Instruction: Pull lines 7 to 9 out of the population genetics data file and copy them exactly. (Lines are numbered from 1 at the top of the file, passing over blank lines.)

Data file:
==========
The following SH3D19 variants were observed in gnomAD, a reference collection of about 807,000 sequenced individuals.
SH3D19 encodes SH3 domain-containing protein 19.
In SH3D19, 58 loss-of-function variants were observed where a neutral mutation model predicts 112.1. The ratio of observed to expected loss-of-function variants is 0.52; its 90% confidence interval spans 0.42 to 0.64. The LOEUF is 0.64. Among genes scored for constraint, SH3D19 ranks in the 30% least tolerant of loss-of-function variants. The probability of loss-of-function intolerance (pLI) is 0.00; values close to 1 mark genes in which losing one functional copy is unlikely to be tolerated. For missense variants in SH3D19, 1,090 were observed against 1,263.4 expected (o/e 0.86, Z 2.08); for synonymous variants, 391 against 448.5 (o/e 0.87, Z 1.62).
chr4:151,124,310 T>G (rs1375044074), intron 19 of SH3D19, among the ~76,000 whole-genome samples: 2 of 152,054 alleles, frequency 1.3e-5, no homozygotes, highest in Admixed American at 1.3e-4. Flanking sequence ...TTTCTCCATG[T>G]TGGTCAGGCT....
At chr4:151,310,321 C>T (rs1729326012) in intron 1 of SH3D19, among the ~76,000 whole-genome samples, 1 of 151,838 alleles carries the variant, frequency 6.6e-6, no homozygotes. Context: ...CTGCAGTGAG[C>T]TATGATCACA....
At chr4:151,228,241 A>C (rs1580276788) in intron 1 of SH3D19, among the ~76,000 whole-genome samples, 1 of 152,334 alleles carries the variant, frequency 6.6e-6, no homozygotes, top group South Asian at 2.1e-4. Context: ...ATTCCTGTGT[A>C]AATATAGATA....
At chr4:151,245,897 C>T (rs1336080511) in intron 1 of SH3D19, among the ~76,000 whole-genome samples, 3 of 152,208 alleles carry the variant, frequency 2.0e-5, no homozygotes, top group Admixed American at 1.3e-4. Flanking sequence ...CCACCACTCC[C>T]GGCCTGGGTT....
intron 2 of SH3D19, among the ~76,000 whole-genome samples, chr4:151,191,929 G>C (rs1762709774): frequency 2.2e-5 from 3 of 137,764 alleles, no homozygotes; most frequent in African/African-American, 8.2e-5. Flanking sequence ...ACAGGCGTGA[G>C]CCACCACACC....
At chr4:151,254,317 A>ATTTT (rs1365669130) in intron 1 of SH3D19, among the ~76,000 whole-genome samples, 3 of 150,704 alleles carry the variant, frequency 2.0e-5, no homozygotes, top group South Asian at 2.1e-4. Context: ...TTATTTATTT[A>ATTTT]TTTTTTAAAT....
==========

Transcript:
At chr4:151,245,897 C>T (rs1336080511) in intron 1 of SH3D19, among the ~76,000 whole-genome samples, 3 of 152,208 alleles carry the variant, frequency 2.0e-5, no homozygotes, top group Admixed American at 1.3e-4. Flanking sequence ...CCACCACTCC[C>T]GGCCTGGGTT....
intron 2 of SH3D19, among the ~76,000 whole-genome samples, chr4:151,191,929 G>C (rs1762709774): frequency 2.2e-5 from 3 of 137,764 alleles, no homozygotes; most frequent in African/African-American, 8.2e-5. Flanking sequence ...ACAGGCGTGA[G>C]CCACCACACC....
At chr4:151,254,317 A>ATTTT (rs1365669130) in intron 1 of SH3D19, among the ~76,000 whole-genome samples, 3 of 150,704 alleles carry the variant, frequency 2.0e-5, no homozygotes, top group South Asian at 2.1e-4. Context: ...TTATTTATTT[A>ATTTT]TTTTTTAAAT....